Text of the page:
It’s the same reason that your house runs at 240V and not 60V. By switching up to 48V there’ll be useable power for all sorts of systems such as electric heating, mild hybrid power, autonomous driving and active suspension.
Active suspension isn’t a thing for the future, although it does remain an option on the SQ7. Naturally, the launch vehicles were fully loaded with extras, which includes active suspension, or rather an electro-mechanical anti-roll system – the same system that you’ll find on the Bentley Bentayga. It uses a couple of electric motors to engage and twist anti-roll bars when you’re taking to twisty roads, but decouples entirely when you’re just cruising along.
This ensures there’s virtually zero body roll in corners, something that’s quite handy when there’s that much metal above the wheels. Combine that with a sports-tuned four-wheel-drive system with torque vectoring, four-wheel steering and variable dampers and it starts to make the laws of physics seem rather redundant.
It clings to the road thanks to tyres close to a foot wide, shod on 21-inch wheels. You lose an inch on the standard wheels, or you can choose to upgrade to monster 22-inch rims. It’s only when you reach the largest size that ride quality starts to suffer.
When all those electronic bits work together, the SQ7 follows a line far more accurately than anything this side of a freight train, although the weighting on the steering is oddly inconsistent. The optional carbon-ceramic brakes are more than capable of bringing the juggernaut to a stop repeatedly, with no sign of fade, but I do wonder how standard steel discs would fare.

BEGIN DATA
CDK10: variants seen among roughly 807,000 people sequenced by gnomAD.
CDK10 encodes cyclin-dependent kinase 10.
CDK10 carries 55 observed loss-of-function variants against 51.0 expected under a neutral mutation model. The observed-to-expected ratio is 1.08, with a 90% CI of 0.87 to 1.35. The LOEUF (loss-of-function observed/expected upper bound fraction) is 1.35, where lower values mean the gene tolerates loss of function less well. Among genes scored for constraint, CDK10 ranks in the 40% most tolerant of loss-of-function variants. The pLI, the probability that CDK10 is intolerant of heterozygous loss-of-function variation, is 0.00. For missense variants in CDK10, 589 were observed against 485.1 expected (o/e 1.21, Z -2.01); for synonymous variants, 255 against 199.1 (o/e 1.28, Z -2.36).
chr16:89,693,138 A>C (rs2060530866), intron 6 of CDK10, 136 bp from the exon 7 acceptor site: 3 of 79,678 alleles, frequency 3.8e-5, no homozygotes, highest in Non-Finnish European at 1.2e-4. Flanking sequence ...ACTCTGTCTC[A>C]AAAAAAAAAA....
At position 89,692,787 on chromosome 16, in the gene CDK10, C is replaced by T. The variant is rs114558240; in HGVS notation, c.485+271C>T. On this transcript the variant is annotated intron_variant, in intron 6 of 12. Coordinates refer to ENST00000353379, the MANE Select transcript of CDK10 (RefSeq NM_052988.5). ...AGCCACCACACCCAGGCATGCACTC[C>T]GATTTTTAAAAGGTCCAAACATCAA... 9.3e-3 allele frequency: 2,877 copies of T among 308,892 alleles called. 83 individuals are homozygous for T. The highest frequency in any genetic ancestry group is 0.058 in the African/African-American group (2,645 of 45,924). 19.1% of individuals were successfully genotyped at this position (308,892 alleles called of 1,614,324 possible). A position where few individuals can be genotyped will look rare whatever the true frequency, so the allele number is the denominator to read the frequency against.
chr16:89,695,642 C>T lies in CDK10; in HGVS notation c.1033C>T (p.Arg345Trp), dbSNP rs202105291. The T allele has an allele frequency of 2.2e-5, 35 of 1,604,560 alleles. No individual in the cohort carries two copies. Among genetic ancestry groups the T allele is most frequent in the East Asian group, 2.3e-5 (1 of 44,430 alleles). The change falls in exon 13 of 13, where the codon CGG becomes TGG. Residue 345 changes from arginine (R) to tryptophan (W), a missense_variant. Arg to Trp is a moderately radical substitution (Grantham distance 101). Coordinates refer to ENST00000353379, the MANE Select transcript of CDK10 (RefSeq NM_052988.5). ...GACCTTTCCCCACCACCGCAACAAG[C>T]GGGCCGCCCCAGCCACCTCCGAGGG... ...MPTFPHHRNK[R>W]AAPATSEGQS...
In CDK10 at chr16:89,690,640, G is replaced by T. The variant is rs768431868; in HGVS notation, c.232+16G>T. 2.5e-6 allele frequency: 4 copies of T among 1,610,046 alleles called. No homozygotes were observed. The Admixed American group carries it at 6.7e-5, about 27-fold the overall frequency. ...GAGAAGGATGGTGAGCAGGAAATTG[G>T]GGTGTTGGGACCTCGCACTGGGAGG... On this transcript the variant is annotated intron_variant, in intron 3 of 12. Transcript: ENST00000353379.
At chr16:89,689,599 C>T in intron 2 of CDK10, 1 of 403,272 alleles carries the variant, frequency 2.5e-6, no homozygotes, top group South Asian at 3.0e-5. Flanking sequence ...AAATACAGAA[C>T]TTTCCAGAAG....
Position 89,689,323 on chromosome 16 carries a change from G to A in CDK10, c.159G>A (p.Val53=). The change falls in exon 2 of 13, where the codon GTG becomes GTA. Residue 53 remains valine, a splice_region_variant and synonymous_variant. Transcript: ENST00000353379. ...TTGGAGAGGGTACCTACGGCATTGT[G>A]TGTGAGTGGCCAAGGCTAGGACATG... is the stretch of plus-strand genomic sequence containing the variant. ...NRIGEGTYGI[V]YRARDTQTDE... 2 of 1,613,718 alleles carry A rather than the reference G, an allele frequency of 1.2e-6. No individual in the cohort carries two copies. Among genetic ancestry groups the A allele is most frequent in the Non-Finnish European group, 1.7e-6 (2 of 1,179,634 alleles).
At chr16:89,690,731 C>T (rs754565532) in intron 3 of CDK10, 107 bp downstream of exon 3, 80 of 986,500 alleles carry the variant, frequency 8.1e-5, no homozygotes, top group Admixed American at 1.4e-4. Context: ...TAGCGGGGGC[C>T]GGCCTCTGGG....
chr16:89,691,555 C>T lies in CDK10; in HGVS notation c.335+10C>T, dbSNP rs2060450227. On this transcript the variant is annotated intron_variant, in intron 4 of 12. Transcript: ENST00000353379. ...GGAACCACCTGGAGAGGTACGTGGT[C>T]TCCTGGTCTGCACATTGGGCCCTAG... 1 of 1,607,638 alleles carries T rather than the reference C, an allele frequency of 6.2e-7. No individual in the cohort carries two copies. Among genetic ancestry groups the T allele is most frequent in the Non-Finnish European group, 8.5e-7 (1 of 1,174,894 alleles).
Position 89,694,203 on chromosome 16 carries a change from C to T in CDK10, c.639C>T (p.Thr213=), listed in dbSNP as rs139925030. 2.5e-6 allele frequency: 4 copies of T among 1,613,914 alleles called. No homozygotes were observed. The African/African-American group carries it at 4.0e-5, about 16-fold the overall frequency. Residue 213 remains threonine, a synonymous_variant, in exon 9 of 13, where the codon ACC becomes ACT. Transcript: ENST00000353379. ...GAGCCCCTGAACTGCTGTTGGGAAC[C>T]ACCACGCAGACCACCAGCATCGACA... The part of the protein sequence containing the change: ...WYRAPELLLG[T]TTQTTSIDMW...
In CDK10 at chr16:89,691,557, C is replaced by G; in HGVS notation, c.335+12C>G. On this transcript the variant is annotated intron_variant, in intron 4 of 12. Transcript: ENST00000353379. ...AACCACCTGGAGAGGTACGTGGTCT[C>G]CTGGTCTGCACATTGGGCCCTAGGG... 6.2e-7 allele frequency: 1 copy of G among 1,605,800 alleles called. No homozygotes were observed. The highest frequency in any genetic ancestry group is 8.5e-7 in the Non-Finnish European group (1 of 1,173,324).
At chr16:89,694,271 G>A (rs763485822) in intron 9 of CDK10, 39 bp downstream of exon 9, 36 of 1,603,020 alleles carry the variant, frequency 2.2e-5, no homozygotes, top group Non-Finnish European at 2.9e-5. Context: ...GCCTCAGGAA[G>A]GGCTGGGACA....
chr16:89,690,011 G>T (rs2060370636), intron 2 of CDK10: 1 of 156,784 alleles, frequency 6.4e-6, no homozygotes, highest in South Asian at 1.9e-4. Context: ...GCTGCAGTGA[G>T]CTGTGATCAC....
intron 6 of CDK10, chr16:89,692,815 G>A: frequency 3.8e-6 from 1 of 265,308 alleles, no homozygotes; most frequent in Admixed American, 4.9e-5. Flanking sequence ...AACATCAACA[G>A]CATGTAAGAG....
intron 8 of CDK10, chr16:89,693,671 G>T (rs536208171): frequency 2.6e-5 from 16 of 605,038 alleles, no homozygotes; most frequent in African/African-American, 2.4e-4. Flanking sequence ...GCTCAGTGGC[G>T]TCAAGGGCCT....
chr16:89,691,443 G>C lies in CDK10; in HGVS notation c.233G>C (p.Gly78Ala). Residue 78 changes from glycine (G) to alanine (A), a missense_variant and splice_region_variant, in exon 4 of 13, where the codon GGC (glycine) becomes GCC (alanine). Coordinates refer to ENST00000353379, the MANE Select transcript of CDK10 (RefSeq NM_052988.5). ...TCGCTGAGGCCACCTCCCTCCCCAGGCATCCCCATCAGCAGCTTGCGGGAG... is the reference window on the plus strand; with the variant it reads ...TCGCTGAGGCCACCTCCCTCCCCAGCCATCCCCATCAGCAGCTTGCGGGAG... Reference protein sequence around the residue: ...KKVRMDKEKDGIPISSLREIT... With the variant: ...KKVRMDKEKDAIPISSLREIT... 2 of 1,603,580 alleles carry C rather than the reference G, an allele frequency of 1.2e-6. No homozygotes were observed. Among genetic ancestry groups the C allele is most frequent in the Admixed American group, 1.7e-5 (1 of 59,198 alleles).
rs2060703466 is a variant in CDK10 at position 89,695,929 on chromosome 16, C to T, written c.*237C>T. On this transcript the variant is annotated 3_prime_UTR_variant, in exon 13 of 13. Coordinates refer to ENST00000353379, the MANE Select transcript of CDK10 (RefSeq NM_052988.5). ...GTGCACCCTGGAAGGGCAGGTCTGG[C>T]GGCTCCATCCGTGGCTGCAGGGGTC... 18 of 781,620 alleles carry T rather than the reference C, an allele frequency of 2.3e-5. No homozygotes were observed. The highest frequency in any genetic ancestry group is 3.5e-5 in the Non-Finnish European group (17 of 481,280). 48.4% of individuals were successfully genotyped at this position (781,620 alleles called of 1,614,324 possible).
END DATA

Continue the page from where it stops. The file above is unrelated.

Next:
It might sound rather like the SQ7 is a hard-edged and seriously focussed sports car wrapped up in an SUV body, and there’s certainly an element of truth to that. However, turn the driving dynamics dial from Dynamic to Comfort and the car settles down to become an impressively luxurious cruiser. The exhaust that rumbles and growls enticingly under enthusiastic motoring fades away to a murmur, the suspension softens a little and the steering loses some of the heft you get when pushing on.